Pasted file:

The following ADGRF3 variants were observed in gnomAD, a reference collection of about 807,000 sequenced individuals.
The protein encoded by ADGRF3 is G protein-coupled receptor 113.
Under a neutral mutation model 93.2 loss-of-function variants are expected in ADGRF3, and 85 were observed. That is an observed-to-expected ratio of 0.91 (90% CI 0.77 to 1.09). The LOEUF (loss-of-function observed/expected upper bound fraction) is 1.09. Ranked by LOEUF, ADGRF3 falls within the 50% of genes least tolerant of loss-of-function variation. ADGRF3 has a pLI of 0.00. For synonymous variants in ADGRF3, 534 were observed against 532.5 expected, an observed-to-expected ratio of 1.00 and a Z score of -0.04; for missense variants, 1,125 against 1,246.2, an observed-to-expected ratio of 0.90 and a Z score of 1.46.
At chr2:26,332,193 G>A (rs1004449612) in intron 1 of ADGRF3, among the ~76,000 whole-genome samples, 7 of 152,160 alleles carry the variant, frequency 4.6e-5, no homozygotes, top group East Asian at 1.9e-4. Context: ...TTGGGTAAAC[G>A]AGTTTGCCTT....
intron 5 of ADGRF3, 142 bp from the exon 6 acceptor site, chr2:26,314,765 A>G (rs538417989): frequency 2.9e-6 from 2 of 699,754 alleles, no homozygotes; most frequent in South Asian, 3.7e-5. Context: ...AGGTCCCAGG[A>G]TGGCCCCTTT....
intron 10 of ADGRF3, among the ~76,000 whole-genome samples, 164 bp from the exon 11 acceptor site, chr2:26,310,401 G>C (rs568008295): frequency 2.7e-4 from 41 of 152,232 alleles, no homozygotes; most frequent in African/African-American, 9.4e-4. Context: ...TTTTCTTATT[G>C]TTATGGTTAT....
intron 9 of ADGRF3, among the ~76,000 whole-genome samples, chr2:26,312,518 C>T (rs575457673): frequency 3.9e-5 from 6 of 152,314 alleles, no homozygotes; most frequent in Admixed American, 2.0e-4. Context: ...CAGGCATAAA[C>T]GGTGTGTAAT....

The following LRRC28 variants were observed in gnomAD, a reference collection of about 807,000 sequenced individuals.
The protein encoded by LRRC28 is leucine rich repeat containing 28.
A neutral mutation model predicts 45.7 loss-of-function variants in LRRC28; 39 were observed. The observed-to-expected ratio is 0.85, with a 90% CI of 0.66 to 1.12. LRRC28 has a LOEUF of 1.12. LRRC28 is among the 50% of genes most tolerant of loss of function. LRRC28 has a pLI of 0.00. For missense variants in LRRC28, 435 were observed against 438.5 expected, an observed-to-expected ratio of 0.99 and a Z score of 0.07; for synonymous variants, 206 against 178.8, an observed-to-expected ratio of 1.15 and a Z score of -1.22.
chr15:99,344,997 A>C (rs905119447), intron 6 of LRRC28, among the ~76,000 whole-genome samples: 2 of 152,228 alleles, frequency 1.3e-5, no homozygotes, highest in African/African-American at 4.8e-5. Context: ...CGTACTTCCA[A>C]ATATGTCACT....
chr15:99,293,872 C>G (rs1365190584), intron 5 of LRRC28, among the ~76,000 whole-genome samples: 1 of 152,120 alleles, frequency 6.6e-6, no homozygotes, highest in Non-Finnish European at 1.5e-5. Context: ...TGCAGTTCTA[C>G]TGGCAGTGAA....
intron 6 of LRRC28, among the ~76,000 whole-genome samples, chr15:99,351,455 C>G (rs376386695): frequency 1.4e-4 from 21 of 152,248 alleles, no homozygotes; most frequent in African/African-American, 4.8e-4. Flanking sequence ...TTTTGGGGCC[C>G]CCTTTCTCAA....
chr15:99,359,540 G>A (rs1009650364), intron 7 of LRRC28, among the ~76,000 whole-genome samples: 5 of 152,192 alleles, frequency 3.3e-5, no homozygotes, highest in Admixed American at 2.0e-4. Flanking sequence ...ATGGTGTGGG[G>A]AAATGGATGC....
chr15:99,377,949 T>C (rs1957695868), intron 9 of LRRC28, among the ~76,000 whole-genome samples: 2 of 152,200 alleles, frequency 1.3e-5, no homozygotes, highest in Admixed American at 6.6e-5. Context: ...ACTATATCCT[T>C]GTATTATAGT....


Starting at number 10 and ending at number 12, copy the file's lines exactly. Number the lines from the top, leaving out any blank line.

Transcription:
A neutral mutation model predicts 45.7 loss-of-function variants in LRRC28; 39 were observed. The observed-to-expected ratio is 0.85, with a 90% CI of 0.66 to 1.12. LRRC28 has a LOEUF of 1.12. LRRC28 is among the 50% of genes most tolerant of loss of function. LRRC28 has a pLI of 0.00. For missense variants in LRRC28, 435 were observed against 438.5 expected, an observed-to-expected ratio of 0.99 and a Z score of 0.07; for synonymous variants, 206 against 178.8, an observed-to-expected ratio of 1.15 and a Z score of -1.22.
chr15:99,344,997 A>C (rs905119447), intron 6 of LRRC28, among the ~76,000 whole-genome samples: 2 of 152,228 alleles, frequency 1.3e-5, no homozygotes, highest in African/African-American at 4.8e-5. Context: ...CGTACTTCCA[A>C]ATATGTCACT....
chr15:99,293,872 C>G (rs1365190584), intron 5 of LRRC28, among the ~76,000 whole-genome samples: 1 of 152,120 alleles, frequency 6.6e-6, no homozygotes, highest in Non-Finnish European at 1.5e-5. Context: ...TGCAGTTCTA[C>G]TGGCAGTGAA....